- Worry and rumination– People who experience this type of delusion are generally those who over-think and over-worry. In this manner, they tend to exaggerate things. People who experience persecutory delusions tend to spend a lot of time worrying. Several studies have found that the rate of worry in people who experience persecutory delusions are similar to the rate of worry people with anxiety disorders.
- Negative thoughts– There was a study conducted in 2012, where 301 patients with psychosis were assessed three times over the course of a year. Researchers had found that negative thoughts about oneself were one of the reasons for the persistence of persecutory delusions. It was also found that those people who were overly critical of themselves suffered from persecutory delusions more. Self-love and compassion have proved to reduce these paranoid thoughts.
- Interpersonal Sensitivity-A study found that people with persecutory delusions tend to have a higher interpersonal sensitivity, meaning that they feel vulnerable and exposed in front of others due to the fear of criticism or rejection, and/or judgment. Individuals are also more likely to interpret neutral events as potentially dangerous.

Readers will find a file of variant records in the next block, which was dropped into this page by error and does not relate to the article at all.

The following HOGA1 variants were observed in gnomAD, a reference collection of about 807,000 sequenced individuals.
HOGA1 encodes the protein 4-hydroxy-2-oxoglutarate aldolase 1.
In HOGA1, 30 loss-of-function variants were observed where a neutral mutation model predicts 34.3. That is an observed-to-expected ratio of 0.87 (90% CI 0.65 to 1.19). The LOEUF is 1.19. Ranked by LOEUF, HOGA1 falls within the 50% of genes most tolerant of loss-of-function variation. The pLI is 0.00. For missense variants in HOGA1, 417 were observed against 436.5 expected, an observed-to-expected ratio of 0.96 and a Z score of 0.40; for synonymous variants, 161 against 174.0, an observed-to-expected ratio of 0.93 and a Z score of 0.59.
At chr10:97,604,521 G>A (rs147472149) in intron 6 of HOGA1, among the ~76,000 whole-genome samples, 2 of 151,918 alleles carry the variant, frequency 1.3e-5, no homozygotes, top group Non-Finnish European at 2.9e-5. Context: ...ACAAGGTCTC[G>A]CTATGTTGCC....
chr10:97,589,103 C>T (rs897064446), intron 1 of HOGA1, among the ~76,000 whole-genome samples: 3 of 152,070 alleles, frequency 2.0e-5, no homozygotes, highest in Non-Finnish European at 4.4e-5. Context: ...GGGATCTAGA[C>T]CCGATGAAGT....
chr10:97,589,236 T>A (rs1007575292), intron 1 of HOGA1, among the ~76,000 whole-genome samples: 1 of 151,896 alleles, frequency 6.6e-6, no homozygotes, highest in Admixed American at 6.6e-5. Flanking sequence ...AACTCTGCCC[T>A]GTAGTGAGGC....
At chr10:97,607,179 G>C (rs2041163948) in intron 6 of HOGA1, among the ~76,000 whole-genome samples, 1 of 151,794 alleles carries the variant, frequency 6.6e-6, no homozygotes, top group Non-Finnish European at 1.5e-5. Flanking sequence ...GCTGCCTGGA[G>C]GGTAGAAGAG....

- Jumping to conclusions– A study found that people who experience persecutory delusions have a tendency to jump to conclusions. Hence, they are in the habit of making poor decisions, and most of the time are quite impulsive. For example, the person with persecutory delusion might think that a group of people laughing, are laughing at him. The study also found that these people had poor working memory and low IQ.
- Somatic delusions– Individuals having somatic delusions believe that they have a physical defect or a medical condition. Since people with delusions, do experience hallucinations as well, somatic delusions are quite similar to tactile hallucinations where one feels there are insects crawling all over one’s skin, or there is someone touching the person, or the person is touching something or someone, which in reality does not exist.